More on my good friend, arugula, later. For now, I will focus on watercress, which has been making an appearance in grocery stores recently. Zesty, peppery, crisp and bright, watercress tastes much like nasturtium flowers. The delicate dark green leaves are packed with vitamins.
I’ve discovered the dainty little leaves with their thin stems are a wonderful addition to potato and leek soup pureed to create a velvety smooth, spring-green soup. You might enjoy the recipe for Potato, Leek and Watercress Soup that I share in my column this week.
I’ve also discovered watercress is a nutritious and delicious substitute for sprouts or lettuce on sandwiches.
The other day I mixed up some canned tuna (I’ve been using Wild Planet sustainably caught wild Albacore tuna) with finely chopped red onion, a squirt of jalapeno mustard and a dab of Lemonaise to hold the tuna together. I spread the tuna mixture on half of a toasted 7-sprouted grains English muffin. I arranged avocado slices over the tuna, topped it with sliced roasted red peppers from a jar and sprinkled Mozzarella cheese generously over the top. Just a couple of minutes under the broiler and my open-face sandwich was ready to plate. It wasn’t ready to eat, though, until I scattered tender, fresh watercress over the top, allowing the petite leaves to fall onto the plate, surrounding the sandwich with luscious greens.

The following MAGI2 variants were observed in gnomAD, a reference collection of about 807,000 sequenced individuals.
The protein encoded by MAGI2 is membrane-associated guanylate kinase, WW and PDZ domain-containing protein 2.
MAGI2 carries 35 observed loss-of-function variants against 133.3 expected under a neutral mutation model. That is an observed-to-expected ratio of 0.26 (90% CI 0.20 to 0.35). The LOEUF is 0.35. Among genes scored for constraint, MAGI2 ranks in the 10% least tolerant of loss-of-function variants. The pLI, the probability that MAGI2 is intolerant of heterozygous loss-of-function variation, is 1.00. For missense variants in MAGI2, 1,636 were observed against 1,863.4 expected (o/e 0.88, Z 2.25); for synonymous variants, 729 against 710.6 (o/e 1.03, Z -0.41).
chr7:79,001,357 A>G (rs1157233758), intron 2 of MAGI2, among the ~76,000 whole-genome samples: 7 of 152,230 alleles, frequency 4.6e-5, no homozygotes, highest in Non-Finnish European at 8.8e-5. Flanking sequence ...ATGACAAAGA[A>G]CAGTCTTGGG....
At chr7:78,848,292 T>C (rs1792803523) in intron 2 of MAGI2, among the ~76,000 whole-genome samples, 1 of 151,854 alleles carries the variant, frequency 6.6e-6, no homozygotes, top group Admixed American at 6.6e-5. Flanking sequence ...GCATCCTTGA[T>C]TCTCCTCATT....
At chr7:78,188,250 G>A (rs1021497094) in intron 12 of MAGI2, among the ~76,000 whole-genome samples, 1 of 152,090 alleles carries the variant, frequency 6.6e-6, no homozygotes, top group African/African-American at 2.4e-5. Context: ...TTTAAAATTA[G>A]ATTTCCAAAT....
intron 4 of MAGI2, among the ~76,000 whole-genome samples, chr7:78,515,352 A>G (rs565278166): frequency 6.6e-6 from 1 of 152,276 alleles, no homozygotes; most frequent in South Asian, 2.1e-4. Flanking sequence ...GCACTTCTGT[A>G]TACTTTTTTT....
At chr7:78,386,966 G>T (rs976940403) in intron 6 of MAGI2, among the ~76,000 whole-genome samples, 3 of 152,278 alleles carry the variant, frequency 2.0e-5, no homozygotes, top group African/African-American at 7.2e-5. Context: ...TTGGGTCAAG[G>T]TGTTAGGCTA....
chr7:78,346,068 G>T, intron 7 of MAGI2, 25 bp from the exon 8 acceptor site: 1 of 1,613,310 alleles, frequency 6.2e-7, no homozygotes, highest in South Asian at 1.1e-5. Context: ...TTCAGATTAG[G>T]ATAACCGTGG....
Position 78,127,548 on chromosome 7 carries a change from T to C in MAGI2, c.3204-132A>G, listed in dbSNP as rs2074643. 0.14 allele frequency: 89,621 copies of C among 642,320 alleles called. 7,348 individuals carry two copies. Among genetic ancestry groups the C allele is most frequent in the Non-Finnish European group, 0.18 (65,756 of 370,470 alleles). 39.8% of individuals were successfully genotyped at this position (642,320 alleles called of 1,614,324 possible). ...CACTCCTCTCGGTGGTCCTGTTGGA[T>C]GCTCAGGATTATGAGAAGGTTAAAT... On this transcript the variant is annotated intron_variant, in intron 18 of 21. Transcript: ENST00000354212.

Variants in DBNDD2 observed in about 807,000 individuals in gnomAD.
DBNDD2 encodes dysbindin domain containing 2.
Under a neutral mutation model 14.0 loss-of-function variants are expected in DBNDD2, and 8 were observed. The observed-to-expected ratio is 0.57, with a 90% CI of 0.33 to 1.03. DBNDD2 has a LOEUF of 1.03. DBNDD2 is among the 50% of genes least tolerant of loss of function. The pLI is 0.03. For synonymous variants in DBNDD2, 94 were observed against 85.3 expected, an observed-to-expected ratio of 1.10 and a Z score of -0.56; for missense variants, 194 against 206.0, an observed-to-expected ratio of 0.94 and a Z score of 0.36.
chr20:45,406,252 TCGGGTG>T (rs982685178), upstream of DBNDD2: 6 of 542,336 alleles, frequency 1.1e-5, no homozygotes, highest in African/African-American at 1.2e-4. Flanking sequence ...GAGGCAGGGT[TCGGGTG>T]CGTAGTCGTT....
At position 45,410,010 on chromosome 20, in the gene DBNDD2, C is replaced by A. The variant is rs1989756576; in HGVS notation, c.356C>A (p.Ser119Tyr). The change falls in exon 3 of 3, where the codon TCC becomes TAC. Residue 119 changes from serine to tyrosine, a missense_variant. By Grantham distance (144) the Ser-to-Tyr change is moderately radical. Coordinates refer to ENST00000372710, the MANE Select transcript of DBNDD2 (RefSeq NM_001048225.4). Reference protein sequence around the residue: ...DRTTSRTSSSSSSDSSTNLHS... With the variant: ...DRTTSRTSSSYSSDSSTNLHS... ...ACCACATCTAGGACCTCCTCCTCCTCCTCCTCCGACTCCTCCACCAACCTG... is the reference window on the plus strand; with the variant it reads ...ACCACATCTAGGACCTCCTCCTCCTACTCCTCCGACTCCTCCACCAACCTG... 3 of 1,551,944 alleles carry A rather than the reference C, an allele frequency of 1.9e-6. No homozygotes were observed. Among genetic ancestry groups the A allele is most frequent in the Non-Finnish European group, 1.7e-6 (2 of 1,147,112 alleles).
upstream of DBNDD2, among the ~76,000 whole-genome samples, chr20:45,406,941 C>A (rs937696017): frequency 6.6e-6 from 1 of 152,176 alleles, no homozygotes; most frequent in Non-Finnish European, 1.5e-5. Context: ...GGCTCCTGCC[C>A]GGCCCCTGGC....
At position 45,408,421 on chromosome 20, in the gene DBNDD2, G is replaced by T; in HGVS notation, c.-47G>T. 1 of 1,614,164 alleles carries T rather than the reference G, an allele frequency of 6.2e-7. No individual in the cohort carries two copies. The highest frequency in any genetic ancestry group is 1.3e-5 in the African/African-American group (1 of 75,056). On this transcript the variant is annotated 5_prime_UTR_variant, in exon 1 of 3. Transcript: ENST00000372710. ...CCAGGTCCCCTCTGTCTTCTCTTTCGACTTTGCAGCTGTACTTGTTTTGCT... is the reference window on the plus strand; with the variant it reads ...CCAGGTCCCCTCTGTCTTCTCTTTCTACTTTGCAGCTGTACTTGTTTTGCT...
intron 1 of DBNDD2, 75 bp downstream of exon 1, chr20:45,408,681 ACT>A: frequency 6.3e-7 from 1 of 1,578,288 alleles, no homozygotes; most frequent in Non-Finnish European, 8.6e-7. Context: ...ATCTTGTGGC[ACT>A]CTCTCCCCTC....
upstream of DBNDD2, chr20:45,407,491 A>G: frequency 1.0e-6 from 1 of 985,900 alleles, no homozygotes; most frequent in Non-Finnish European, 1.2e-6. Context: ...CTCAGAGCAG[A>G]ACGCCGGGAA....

Now, that’s a sandwich for lupper, similar to brunch but instead of a combination of breakfast and lunch, lupper combines lunch and supper. I enjoyed this Watercress-Topped Tuna Sandwich around 3:30 in the afternoon. That’s lupper.
If you prefer a breakfast, lunch or brunch sandwich, you may enjoy the Peanut Butter and Nutella Sandwich from an earlier post. Click here to go directly to the recipe.